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plants, grown and peas

COWPEA (Vigna sinensis). It belongs to the natural order Leguminosece, family Fabacea, and is native of southeastern Asia. the Malay Archipelago and central Africa. It is closely related to the asparagus bean and the catjang, the other cultivated species of the genus. It' was introduced into the United States in the 18th century, and is most largely grown in the southern States, where it is known as the corn field or black-eye pea. Its habits of growth vary from a bush type in the northern States to a vine where it has a longer period of growth. Numerous varieties are on the market, Whippoorwill, Black, Clay, and Unknown are, favorites. They are often grown on poor soils, hut such should be enriched either with barn yard manure or phosphatic fertilizers. The seed is sown broadcast or drilled, at the rate of from one-half to one and a half bushels per acre.

Uses and Feeding Value. It is grown for food, hay, silage, soiling, grazing and soil reno vation, having marked powers of enriching the.

soil in nitrogen like clover (q.v.). Its average percentage composition is : Cowpea seeds are eaten by man, either green, shelled and cooked like garden peas or shell beans, or dried for winter use. They are often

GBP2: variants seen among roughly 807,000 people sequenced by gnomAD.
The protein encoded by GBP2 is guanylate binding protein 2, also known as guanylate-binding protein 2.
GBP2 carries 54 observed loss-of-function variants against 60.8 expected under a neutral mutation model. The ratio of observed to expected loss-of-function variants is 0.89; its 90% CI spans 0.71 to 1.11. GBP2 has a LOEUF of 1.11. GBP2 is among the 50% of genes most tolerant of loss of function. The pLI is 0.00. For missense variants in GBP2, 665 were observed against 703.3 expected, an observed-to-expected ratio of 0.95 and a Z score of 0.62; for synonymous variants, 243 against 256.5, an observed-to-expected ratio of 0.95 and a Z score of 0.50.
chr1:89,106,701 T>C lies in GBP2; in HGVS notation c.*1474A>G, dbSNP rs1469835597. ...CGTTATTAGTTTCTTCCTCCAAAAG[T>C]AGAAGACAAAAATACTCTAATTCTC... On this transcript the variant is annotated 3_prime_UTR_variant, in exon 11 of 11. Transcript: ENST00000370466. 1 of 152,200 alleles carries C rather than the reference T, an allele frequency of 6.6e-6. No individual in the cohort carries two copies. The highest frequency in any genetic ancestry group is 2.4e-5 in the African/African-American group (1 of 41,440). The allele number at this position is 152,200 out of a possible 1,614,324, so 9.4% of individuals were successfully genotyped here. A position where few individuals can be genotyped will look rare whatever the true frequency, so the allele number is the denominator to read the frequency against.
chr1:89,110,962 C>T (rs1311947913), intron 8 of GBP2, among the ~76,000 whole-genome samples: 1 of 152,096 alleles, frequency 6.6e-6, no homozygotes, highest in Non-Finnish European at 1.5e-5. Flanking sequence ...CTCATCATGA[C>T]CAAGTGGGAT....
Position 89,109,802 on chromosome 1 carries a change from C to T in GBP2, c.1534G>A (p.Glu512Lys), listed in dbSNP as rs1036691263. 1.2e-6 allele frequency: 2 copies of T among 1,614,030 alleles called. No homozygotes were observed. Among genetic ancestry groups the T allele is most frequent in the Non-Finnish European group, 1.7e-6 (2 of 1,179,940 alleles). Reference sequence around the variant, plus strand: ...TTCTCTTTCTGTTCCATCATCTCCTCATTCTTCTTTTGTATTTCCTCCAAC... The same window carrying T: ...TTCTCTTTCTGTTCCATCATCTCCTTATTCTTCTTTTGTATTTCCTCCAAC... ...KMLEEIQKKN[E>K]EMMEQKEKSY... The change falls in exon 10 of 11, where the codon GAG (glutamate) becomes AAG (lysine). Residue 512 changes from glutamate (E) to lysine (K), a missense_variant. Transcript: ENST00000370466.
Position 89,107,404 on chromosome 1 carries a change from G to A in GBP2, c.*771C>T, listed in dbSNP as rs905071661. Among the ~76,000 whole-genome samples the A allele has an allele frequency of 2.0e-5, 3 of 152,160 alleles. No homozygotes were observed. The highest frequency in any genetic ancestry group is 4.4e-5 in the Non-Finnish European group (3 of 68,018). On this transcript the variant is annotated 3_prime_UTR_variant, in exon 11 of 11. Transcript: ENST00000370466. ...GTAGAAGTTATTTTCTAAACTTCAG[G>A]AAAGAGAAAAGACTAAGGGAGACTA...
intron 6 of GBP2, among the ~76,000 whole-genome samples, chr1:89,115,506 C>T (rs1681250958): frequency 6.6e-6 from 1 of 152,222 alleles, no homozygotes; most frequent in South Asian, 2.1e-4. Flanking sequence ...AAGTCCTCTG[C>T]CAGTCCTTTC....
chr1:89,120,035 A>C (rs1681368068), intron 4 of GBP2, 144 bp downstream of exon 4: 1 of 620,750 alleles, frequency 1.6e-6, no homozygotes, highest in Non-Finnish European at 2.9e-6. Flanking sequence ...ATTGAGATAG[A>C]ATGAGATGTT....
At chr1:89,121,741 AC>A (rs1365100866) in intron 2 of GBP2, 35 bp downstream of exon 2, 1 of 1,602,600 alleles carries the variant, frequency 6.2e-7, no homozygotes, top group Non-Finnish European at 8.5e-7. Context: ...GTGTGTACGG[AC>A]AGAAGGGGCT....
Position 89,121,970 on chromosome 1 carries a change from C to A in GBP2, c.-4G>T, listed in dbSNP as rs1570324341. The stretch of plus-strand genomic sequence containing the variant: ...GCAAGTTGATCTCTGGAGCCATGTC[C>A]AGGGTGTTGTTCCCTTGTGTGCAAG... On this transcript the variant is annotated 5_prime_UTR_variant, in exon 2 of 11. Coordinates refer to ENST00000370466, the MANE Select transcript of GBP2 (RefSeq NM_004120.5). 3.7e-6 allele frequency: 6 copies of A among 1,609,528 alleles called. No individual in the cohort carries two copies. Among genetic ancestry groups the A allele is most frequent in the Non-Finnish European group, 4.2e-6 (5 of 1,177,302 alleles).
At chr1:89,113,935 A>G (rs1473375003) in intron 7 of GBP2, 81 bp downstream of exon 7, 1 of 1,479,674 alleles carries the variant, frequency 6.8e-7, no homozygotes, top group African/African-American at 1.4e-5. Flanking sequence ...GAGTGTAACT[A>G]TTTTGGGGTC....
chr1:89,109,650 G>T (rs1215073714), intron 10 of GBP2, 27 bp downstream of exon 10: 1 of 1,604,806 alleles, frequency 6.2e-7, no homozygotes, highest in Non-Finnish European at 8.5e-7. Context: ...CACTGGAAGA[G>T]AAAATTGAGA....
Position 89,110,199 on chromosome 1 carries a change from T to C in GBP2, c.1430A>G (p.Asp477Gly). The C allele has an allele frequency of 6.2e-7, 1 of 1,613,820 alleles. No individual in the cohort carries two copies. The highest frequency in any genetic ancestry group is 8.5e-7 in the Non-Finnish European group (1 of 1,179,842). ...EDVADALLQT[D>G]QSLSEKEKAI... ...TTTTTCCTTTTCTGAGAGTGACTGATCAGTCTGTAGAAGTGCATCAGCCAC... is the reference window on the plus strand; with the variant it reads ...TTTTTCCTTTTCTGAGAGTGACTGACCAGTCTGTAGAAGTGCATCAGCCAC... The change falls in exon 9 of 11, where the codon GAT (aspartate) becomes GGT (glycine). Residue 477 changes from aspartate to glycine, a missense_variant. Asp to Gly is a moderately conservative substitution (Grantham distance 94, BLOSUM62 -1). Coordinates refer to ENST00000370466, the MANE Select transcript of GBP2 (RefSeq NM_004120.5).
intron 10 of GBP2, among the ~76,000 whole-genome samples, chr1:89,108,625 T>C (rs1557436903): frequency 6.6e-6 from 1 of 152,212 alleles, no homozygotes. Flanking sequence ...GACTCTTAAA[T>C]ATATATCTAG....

fed to stock. Some find difficulty in curing cowpea hay satisfactorily, but this is overcome with experience. The silage is somewhat similar to the green crop in composition. When used for soiling the amount consumed and time of feeding can be regulated, thus avoiding bloat ing, which is liable to occur when pasturing. Sheep are usually turned on the pasture before the plants are in bloom, cattle about the time the plants come into bloom; while for swine, the peas are allowed to reach full size. An acre will pasture 15 or 20 pigs for several weeks. The manure more than compensates for the vines eaten. Turkeys and chickens eat the ripe peas and do well on them. The plants are sometimes cut down by the cowpea wilt. The September brood of the boll-worm and the weevil (Bruchis sinensis) also give trouble to the plants. Consult Smith, (Cowpeas ;) Farmers' Bulletin No. 89; Farmers' Bulletin No. 318; United States Department of Agri culture and Bureau of Plant Industry, Bulletin No. 229.